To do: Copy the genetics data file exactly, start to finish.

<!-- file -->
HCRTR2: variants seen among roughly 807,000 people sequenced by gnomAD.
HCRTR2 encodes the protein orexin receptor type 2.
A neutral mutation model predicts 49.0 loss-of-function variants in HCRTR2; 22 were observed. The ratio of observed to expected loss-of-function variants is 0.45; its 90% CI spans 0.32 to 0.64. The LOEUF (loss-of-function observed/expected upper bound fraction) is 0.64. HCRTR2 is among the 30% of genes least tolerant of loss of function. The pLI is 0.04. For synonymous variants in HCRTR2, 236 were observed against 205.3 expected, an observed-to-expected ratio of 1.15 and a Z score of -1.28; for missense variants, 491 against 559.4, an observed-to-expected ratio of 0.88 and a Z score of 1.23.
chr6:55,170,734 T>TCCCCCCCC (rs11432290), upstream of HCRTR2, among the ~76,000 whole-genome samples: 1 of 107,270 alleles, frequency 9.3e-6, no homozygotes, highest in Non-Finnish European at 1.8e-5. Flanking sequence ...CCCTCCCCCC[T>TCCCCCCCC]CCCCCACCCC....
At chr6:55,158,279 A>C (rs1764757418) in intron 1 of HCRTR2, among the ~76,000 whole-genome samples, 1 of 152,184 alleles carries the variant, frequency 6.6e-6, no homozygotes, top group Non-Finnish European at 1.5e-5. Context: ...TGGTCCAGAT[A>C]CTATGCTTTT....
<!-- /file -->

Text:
HCRTR2: variants seen among roughly 807,000 people sequenced by gnomAD.
HCRTR2 encodes the protein orexin receptor type 2.
A neutral mutation model predicts 49.0 loss-of-function variants in HCRTR2; 22 were observed. The ratio of observed to expected loss-of-function variants is 0.45; its 90% CI spans 0.32 to 0.64. The LOEUF (loss-of-function observed/expected upper bound fraction) is 0.64. HCRTR2 is among the 30% of genes least tolerant of loss of function. The pLI is 0.04. For synonymous variants in HCRTR2, 236 were observed against 205.3 expected, an observed-to-expected ratio of 1.15 and a Z score of -1.28; for missense variants, 491 against 559.4, an observed-to-expected ratio of 0.88 and a Z score of 1.23.
chr6:55,170,734 T>TCCCCCCCC (rs11432290), upstream of HCRTR2, among the ~76,000 whole-genome samples: 1 of 107,270 alleles, frequency 9.3e-6, no homozygotes, highest in Non-Finnish European at 1.8e-5. Flanking sequence ...CCCTCCCCCC[T>TCCCCCCCC]CCCCCACCCC....
At chr6:55,158,279 A>C (rs1764757418) in intron 1 of HCRTR2, among the ~76,000 whole-genome samples, 1 of 152,184 alleles carries the variant, frequency 6.6e-6, no homozygotes, top group Non-Finnish European at 1.5e-5. Context: ...TGGTCCAGAT[A>C]CTATGCTTTT....